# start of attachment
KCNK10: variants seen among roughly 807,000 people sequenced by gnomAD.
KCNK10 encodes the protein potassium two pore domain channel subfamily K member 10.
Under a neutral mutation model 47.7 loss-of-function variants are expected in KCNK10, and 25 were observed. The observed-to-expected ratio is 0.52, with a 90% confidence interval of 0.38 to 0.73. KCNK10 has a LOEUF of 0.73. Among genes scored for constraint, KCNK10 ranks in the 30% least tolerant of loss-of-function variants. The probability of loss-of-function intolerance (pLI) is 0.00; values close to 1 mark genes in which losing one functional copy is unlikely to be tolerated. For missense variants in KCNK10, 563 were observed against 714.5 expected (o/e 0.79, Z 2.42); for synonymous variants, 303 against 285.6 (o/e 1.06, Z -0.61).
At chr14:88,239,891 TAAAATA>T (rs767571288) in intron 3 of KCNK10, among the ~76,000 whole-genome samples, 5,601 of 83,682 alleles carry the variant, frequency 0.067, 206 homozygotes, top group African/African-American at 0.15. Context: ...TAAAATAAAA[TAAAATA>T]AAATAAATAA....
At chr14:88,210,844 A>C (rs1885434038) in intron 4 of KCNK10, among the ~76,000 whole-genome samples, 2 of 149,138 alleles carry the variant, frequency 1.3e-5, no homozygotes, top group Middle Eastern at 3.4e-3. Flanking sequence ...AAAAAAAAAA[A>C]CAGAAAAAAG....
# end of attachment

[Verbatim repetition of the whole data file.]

KCNK10: variants seen among roughly 807,000 people sequenced by gnomAD.
KCNK10 encodes the protein potassium two pore domain channel subfamily K member 10.
Under a neutral mutation model 47.7 loss-of-function variants are expected in KCNK10, and 25 were observed. The observed-to-expected ratio is 0.52, with a 90% confidence interval of 0.38 to 0.73. KCNK10 has a LOEUF of 0.73. Among genes scored for constraint, KCNK10 ranks in the 30% least tolerant of loss-of-function variants. The probability of loss-of-function intolerance (pLI) is 0.00; values close to 1 mark genes in which losing one functional copy is unlikely to be tolerated. For missense variants in KCNK10, 563 were observed against 714.5 expected (o/e 0.79, Z 2.42); for synonymous variants, 303 against 285.6 (o/e 1.06, Z -0.61).
At chr14:88,239,891 TAAAATA>T (rs767571288) in intron 3 of KCNK10, among the ~76,000 whole-genome samples, 5,601 of 83,682 alleles carry the variant, frequency 0.067, 206 homozygotes, top group African/African-American at 0.15. Context: ...TAAAATAAAA[TAAAATA>T]AAATAAATAA....
At chr14:88,210,844 A>C (rs1885434038) in intron 4 of KCNK10, among the ~76,000 whole-genome samples, 2 of 149,138 alleles carry the variant, frequency 1.3e-5, no homozygotes, top group Middle Eastern at 3.4e-3. Flanking sequence ...AAAAAAAAAA[A>C]CAGAAAAAAG....